Despite the COVID-19 pandemic, its resultant economic fallout and the weakening of the global economy and job markets, the stock markets have recovered promptly.

Why has there been such a big divergence between the financial markets and the struggling economy? Will this divergence end in the form of a recovering economy or a stock market correction? How can we navigate markets with the risk of prolonged second and emergent third waves of COVID-19 observed across the world? Will news of emerging vaccines continue to prop up investor sentiment?

Should you diversify your investments in view of uncertainties ahead?

Financial Horse and Sam Rhee, Chairman and CIO of Endowus discussed how to make better financial decisions in these uncertain times.

0:00 Introduction

6:11 Background of the current crisis – US market demand and fiscal stimulus

18:15 Impact of fiscal stimulus on GDP, in comparison with other crisis

32:02 Impact of quantitative easing (QE) on inflation

42:10 Impact of QE on the strength of the US Dollar and FX risk

50:22 Negative interest rates and bond investments; what about gold?

1:10:54 About Endowus Cash Smart and QnA

Excerpts from the session

Can you share the sentiments of the market before and after COVID-19? (6:57)

The year was expected to be a fantastic year for the equities market from the China US trade deal made in January, and Trump was expected to prop up the stock market for the elections. Things were rosy quite then. Before we know it, everything fell apart in March when the virus started spreading quickly around the world. The US government carried out unlimited QE and the Fed even got the point where it purchased corporate bonds, which is unprecedented. This helped the market to rally very strongly.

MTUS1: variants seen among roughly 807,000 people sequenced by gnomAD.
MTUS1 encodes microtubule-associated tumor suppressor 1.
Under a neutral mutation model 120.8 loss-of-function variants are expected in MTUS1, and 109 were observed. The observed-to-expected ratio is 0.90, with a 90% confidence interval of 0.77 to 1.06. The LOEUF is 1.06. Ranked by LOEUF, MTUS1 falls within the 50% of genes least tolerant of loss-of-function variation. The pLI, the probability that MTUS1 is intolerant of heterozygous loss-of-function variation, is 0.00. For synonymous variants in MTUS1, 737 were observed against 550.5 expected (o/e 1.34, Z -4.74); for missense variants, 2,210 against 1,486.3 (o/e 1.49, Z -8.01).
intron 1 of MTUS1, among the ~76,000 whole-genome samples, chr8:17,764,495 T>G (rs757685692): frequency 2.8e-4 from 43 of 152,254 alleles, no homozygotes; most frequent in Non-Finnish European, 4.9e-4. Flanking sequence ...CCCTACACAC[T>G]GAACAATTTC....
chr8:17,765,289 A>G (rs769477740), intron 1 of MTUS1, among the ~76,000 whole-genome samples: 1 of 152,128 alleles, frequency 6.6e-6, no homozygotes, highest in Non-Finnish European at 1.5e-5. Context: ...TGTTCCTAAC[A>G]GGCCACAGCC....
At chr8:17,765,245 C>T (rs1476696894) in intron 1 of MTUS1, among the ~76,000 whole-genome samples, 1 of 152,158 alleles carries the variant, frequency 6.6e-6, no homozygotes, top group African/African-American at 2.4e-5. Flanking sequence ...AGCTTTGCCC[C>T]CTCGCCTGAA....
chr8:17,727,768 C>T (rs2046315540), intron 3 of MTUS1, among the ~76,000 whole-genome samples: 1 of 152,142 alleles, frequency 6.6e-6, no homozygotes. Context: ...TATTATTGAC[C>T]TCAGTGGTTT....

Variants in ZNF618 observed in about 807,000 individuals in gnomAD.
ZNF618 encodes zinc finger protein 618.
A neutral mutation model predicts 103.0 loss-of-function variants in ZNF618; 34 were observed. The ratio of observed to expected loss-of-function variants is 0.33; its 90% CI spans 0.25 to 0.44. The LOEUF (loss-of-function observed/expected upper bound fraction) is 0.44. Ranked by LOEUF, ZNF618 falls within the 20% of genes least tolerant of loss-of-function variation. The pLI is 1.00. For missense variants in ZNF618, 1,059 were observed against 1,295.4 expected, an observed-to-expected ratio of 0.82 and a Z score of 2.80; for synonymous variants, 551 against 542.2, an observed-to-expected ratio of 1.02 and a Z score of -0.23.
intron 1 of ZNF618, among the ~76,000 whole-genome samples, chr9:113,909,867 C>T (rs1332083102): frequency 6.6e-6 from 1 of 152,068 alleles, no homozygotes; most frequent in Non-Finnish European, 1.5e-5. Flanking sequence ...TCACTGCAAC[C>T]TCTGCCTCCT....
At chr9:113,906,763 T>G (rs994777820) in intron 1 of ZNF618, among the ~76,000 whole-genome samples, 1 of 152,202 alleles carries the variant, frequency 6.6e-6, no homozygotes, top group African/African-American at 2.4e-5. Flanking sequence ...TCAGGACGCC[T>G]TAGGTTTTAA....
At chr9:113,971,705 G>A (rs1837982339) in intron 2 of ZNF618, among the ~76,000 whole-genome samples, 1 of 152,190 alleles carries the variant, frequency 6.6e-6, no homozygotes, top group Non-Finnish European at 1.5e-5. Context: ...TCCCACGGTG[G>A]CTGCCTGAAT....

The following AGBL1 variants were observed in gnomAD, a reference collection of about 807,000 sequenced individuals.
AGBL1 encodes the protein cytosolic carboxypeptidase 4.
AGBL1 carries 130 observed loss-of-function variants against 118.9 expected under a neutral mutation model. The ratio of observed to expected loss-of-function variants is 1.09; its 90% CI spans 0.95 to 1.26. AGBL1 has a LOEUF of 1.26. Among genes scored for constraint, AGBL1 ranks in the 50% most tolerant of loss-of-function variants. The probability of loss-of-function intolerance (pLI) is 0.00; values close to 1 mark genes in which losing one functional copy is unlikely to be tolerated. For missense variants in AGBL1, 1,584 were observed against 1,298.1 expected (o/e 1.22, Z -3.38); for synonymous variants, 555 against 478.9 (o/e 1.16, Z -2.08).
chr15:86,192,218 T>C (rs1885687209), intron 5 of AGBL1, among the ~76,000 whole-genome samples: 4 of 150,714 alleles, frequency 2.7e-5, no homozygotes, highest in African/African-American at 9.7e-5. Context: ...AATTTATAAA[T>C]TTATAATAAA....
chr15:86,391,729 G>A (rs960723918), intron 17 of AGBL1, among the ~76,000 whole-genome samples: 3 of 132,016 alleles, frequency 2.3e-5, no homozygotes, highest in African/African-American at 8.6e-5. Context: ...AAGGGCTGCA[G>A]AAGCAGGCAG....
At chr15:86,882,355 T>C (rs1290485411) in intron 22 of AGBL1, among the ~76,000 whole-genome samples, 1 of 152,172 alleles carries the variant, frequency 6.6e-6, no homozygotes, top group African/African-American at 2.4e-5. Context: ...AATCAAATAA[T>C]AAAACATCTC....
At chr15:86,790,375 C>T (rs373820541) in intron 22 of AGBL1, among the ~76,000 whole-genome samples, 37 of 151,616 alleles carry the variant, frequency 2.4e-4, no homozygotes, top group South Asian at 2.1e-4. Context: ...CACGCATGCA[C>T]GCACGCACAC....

Is the fast recovery surprising to you? What are your views about it? (20:55)

As seen from the charts, once the Fed started the QE or any aggressive monetary policy, that usually ends the market crash and the markets start to rally, be it the Great Depression, Global Financial Crisis or the COVID-19 pandemic. The only difference is that this time it happens so quickly. This type of quick and huge response by the Fed is unprecedented. The logical question next is whether there is any sustainable recovery of the economy? Do we see an inflationary or deflationary phase?

Sam: The goal of the Fed’s monetary policies is to stop companies and individuals from being bankrupt, to that extent the Fed and many central banks have achieved what they set out to do.

What are your views of USD and SGD in the short- to mid-term? (42:10)

My longer-term view for USD is that it is going to depreciate. In the mid- to longer-term, the Fed will want the USD to depreciate to make US goods and services more competitive. In the short-term, the USD has fallen very quickly and significantly from its peak in March. I am not sure if the USD is oversold at the moment.

Sam: We are not in the business of forecasting short term market movements, but I have a colleague that came up with the term “Dollar Smile”. One scenario where the USD will strengthen at the start of financial crisis, when there is a flight to safety. The other scenario is when the US economy is doing well and it will appreciate. Currently there are some questions posed about the viability of USD being the reserve currency of the global economy, and there is some shift to safe haven currencies like Japanese Yen and even Singapore dollars.